Medtech’s haves and have-nots

Medtronic’s quarterly results yesterday might presage a recovery, and some groups are in dire need of one.

Corporate strategy

Nearly a year after the Covid-19 outbreak turned into a pandemic, the medtech industry is still starkly divided. All the top performers, in terms of fourth-quarter year-on-year sales growth, are diagnostics companies selling tests for the coronavirus. Those whose sales were down are mostly orthopaedics specialists. 

But there are nuances within these broad trends. Exact Sciences, the winner overall with fourth-quarter sales up 58%, flipped from profit to a sizeable loss thanks to its $410m tuck-in of Base Genomics, one of many acquisitions it did last year. And the company that saw the most disappointing drop-off in sales was Boston Scientific, a cardiovascular, rather than ortho, group. 

At the end of January Abbott became the first big medtech to have exceeded its earnings growth forecast for 2020. This achievement came thanks largely to its suite of Covid-19 tests, which brought in $2.4bn in the fourth quarter, causing worldwide diagnostics revenues to more than double. The company’s two rapid lateral flow antigen tests, BinaxNow in the US and PanBio in Europe, as well as ID Now, its portable molecular test, made up the lion’s share of Covid-19 testing sales. 

Abbott is not holding back for 2021, posting highly bullish adjusted earnings guidance of $5 per share. The group believes that Covid-19 testing demand is going to remain high even as vaccines are launched. The company expects Covid-19 assays to yield around $2.5bn in revenue in the first quarter of 2021, and perhaps $6-7bn across the whole year.

Q4 2020 - the winners
Date of earnings Company Q4 2020 sales ($m) Sales chg Q4 2020 profit (loss) ($m) Profit chg
Feb 16 Exact Sciences 466 58%  (437) N/A
Feb 1 Thermo Fisher Scientific 10,550 54% 2,498 149%
Feb 9 Qiagen 571 38% 213 374%
Jan 27 Abbott Laboratories 10,701 29% 2,162 106%
Feb 4 Becton Dickinson* 5,315 26% 1,003 261%
Jan 28 Danaher** 2,227 23% 1,241 (3%)
Feb 4 Roche** 4,135 20% Not reported N/A
*BD results for Q1 2021. **Medtech sales only. Source: company communications.

Qiagen too beat its full-year guidance, and while its sales increased nicely – its Covid-19 tests brought in $200m, 35% of fourth-quarter sales – the near-quintupling of its profits was the more impressive achievement. This was partly the upshot of Qiagen’s 2019 decision to can its next-generation sequencing programme and pursue a cost-cutting plan (Storm-tossed Qiagen plots a course to higher growth, October 8, 2019).

In the doldrums

At the other end of the scale came the orthopaedics groups. Some, including Globus Medical and Stryker, kept their heads above water, but Johnson & Johnson, Zimmer Biomet and particularly Smith & Nephew were hit hard by hospitals delaying the hip and knee replacement procedures that are their bread and butter. 

In response, Zimmer opted to redouble its focus on its joint implants by spinning out its sluggish spinal and dental units (Zimmer ditches slow-growing business to refocus, February 8, 2021).

Q4 2020 - the losers
Date of earnings Company Q4 2020 sales ($m) Sales chg Q4 2020 profit ($m) Profit chg Focus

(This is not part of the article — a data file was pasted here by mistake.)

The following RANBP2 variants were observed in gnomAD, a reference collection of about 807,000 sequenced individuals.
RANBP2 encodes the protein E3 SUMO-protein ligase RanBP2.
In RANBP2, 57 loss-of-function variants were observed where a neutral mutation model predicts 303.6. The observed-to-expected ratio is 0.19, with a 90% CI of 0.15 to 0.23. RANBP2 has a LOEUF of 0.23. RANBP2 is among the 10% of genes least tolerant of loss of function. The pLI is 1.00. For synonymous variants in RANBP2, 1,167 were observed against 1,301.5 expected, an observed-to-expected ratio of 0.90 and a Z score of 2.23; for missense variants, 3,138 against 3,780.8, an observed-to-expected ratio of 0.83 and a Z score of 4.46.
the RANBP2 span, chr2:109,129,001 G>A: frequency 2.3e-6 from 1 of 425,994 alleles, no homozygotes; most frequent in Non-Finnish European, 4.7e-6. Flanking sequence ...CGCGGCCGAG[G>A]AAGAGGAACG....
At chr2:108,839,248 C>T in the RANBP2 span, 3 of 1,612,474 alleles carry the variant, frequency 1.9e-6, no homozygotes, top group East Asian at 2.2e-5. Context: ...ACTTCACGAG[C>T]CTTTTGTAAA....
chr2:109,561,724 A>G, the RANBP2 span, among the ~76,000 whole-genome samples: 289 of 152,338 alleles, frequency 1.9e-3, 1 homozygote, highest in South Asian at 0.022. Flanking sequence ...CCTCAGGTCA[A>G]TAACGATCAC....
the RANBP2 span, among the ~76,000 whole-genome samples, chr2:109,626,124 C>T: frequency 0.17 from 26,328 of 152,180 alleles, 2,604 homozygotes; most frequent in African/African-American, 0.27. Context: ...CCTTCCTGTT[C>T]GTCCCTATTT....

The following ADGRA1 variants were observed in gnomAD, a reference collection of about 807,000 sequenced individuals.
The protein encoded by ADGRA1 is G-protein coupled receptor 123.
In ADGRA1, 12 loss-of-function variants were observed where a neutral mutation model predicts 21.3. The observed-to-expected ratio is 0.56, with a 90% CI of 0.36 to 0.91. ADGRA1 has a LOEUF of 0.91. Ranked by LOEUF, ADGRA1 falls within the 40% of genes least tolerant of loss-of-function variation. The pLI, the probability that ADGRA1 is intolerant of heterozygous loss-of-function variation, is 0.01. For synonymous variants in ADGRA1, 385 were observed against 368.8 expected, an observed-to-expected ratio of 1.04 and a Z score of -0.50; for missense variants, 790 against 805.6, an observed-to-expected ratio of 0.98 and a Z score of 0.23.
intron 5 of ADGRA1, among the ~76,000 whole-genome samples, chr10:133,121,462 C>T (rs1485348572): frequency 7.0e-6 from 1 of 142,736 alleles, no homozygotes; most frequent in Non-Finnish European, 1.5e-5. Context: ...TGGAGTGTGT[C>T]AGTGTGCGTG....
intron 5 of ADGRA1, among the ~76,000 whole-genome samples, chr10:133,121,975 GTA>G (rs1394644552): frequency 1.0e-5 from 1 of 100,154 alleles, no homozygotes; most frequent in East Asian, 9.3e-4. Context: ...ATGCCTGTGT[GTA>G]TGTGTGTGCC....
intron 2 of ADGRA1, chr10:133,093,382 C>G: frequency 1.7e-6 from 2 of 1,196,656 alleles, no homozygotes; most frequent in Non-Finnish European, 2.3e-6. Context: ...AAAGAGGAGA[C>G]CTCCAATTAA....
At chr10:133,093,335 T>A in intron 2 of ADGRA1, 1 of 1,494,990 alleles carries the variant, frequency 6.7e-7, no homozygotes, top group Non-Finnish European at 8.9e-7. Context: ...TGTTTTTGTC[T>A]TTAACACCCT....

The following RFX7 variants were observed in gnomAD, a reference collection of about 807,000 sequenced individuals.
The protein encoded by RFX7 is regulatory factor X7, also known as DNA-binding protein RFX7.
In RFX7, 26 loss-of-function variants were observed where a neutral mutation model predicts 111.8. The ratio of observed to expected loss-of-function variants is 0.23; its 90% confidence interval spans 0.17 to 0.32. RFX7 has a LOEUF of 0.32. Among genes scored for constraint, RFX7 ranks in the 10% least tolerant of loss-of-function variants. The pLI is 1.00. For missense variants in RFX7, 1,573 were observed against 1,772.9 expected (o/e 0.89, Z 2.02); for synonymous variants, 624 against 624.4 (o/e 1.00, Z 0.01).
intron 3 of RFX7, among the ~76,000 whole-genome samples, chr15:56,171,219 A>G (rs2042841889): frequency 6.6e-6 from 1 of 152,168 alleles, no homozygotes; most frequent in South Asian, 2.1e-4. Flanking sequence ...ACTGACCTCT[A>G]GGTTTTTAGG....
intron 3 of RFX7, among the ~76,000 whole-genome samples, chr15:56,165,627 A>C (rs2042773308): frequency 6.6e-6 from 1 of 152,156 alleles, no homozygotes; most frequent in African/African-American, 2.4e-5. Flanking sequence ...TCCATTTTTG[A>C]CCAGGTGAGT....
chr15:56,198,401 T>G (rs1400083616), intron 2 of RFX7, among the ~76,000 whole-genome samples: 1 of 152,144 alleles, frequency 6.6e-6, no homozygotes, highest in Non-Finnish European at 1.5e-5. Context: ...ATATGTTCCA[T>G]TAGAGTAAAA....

Jan 26 Johnson & Johnson* 6,589  (1%) 1,738 (57%) Orthopaedics
Feb 5 Zimmer Biomet 2,085  (2%) 334 4% Orthopaedics
Feb 18 Smith & Nephew 1,326  (6%) 295 (64%) Orthopaedics
Feb 3 Boston Scientific 2,708  (7%) 152 (96%) Cardiovascular
*Medtech sales only. Source: company communications.

Boston Scientific, meanwhile, has had a pretty nightmarish year. Its sales shrank by 24% in the second quarter and showed smaller year-on-year dips in subsequent periods. It took an additional hit in November when it discontinued its problematic Lotus aortic valve (Boston deadheads its Lotus, November 17, 2020). The company last month made a bid for increased relevance in the post-Covid world by buying the remote cardiac monitoring specialist Preventice for $925m, but the benefits of this deal will take time to emerge. 

Snap back

As Covid-19 vaccination programmes continue, the future becomes brighter for these troubled groups. There are already some early hints that hospitals are gearing up for an increase in elective procedures. 

Reporting its fiscal third quarter 2020 results yesterday, Medtronic said sales of its equipment such as energy consoles, surgical robotics and navigation systems had been notably strong. Use of these technologies is tied directly to procedures, chief executive Geoff Martha said, suggesting that hospitals are preparing for a “snap back in patient volumes” over the coming months.

Medtronic posted a 1% sales increase for the three months ended January 29, 2021. Use of this fiscal period means that Medtronic is unique in that it is a month or so ahead of its peers, all of whom reported data for the October-December 2020 period – though Siemens, Becton Dickinson and Resmed do not consider this their fourth quarter. 

Arguably Medtronic offers a glimpse of the future as a result. Since the company foresees a swift recovery in elective procedures based on January’s sales patterns, better times for suffering device companies might be at hand.

Q4 2020 - the rest
Date of earnings Company Q4 2020 sales ($m) Sales chg Q4 2020 profit ($m) Profit chg Focus
Feb 17 Globus Medical 233 10% 53 16% Orthopaedics
Jan 28 Resmed* 800 9% 180 12% Respiratory
Feb 1 Siemens Healthineers** 4,651 8% 525 44% In vitro diagnostics, imaging
Jan 21 Intuitive Surgical 1,329 4% 365 2% Surgery
Jan 27 Stryker 4,262 3% 568 (22%) Orthopaedics
Jan 27 Edwards Lifesciences 1,192 1% 310 10% Cardiovascular
Feb 23 Medtronic*** 7,775 1% 1,279 (33%) Cardiovascular; orthopaedics; other
Jan 25 Philips 7,292 1% 738 9% Respiratory, diagnostic imaging
*Resmed results for Q2 2021. **Healthineers results for Q1 2021. ***Medtronic results for Q3 2020. Source: company communications.

Share This Article